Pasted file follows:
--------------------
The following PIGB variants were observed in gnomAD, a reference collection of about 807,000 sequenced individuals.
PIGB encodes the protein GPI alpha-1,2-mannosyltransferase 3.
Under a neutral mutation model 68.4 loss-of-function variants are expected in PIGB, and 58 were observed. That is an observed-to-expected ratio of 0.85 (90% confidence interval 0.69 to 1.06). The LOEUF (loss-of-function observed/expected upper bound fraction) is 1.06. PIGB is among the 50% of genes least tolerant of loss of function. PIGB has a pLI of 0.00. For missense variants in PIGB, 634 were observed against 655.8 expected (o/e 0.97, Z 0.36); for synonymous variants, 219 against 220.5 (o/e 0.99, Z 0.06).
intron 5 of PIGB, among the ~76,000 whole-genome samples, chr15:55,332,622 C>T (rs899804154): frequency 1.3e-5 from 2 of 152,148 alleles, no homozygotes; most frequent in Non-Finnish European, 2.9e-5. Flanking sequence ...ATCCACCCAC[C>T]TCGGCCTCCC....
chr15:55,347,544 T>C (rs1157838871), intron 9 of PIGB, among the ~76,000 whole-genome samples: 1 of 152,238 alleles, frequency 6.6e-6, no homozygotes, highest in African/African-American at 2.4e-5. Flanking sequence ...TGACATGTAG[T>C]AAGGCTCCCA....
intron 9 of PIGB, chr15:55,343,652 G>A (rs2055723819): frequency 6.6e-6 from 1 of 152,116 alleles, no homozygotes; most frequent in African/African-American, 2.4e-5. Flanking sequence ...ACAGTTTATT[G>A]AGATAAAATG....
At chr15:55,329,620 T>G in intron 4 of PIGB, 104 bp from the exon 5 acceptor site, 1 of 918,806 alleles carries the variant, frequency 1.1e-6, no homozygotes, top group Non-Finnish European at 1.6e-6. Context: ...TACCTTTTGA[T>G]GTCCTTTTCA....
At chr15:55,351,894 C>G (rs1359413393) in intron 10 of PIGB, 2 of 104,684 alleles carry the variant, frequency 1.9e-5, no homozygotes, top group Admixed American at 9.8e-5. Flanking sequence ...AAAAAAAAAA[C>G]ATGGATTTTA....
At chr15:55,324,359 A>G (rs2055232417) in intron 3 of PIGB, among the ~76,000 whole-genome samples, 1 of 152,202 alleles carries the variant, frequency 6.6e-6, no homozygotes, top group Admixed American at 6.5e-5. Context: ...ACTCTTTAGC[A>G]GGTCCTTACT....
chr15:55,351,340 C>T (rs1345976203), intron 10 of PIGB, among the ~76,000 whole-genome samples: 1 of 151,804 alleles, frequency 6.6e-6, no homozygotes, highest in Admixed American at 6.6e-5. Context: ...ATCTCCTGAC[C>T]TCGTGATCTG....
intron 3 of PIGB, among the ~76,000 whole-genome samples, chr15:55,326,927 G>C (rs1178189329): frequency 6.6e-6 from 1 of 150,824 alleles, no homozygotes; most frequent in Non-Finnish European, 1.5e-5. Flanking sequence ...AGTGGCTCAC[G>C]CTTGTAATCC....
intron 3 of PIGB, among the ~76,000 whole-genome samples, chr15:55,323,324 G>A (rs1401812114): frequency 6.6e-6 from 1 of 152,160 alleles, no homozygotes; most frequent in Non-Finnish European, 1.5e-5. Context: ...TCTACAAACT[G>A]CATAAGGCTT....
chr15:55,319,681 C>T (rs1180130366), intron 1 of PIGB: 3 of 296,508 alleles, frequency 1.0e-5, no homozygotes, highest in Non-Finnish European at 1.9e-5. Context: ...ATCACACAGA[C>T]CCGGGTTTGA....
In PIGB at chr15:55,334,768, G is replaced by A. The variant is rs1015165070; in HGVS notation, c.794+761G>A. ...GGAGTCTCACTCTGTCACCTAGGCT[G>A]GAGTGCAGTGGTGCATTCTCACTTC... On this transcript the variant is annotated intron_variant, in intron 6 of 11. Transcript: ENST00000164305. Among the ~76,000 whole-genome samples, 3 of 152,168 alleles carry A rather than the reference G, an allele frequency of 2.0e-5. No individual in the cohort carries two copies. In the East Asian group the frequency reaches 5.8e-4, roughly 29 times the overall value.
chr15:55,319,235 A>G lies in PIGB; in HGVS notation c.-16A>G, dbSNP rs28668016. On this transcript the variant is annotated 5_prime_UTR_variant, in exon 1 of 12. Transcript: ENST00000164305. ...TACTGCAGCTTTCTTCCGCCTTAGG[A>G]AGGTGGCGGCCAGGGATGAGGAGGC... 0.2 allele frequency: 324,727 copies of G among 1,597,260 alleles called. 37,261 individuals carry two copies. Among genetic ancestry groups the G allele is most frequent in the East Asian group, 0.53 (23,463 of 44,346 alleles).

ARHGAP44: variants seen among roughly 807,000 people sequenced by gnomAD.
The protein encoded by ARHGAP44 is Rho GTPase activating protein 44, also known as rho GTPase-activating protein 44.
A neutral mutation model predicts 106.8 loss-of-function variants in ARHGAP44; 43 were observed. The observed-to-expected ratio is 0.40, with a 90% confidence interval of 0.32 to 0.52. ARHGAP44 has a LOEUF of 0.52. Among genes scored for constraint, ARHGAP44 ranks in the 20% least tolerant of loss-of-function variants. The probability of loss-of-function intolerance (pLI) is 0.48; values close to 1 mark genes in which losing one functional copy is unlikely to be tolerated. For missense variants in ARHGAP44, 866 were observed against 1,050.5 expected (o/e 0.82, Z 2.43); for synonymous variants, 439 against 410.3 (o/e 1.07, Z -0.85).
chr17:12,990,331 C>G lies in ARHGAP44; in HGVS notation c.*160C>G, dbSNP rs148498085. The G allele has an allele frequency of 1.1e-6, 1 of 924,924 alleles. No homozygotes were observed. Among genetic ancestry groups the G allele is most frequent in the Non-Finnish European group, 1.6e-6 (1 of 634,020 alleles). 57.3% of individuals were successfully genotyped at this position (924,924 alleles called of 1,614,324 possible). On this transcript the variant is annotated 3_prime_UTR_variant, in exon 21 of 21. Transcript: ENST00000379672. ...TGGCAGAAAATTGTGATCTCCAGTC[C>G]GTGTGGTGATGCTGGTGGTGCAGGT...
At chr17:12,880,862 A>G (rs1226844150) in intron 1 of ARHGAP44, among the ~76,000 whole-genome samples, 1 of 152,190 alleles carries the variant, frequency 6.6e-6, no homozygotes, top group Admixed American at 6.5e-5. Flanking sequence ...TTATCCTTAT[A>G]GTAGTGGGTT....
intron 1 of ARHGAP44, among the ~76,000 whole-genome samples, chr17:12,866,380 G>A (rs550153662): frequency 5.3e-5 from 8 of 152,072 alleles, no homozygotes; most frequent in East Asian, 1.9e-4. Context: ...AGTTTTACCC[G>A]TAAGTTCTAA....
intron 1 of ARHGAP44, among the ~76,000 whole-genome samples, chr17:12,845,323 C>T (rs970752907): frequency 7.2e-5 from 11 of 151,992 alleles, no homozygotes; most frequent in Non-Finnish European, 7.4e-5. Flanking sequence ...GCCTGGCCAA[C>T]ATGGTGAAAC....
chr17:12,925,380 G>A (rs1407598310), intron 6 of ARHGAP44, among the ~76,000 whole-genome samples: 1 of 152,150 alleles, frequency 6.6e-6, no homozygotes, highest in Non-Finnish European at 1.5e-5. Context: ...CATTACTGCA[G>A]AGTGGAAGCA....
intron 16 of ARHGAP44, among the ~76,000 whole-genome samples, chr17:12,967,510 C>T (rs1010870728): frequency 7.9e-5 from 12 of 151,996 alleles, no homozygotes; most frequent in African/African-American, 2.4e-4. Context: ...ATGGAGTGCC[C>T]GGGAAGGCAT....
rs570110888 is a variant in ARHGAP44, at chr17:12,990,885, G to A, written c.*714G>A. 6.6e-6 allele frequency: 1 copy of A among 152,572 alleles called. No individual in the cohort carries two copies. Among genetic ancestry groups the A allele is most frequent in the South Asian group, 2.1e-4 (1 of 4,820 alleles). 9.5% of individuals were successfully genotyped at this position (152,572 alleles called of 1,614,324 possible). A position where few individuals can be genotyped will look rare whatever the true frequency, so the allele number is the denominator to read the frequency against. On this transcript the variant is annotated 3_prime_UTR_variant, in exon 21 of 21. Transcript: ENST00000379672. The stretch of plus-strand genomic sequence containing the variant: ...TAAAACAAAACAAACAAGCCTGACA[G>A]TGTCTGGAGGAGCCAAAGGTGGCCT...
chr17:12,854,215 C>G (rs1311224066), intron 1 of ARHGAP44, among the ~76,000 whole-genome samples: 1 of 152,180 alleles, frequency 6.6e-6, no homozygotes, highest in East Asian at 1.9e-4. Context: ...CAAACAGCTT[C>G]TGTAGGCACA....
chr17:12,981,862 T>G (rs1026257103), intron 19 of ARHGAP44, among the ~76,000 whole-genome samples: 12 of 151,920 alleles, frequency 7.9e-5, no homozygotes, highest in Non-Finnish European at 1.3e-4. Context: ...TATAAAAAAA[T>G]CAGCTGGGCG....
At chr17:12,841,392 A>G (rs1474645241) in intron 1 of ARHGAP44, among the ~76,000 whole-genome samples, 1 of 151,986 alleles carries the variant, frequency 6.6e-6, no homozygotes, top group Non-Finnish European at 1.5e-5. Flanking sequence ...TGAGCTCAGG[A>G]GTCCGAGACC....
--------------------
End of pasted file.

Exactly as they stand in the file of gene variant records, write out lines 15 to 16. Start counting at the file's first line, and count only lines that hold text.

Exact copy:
chr15:55,319,235 A>G lies in PIGB; in HGVS notation c.-16A>G, dbSNP rs28668016. On this transcript the variant is annotated 5_prime_UTR_variant, in exon 1 of 12. Transcript: ENST00000164305. ...TACTGCAGCTTTCTTCCGCCTTAGG[A>G]AGGTGGCGGCCAGGGATGAGGAGGC... 0.2 allele frequency: 324,727 copies of G among 1,597,260 alleles called. 37,261 individuals carry two copies. Among genetic ancestry groups the G allele is most frequent in the East Asian group, 0.53 (23,463 of 44,346 alleles).

ARHGAP44: variants seen among roughly 807,000 people sequenced by gnomAD.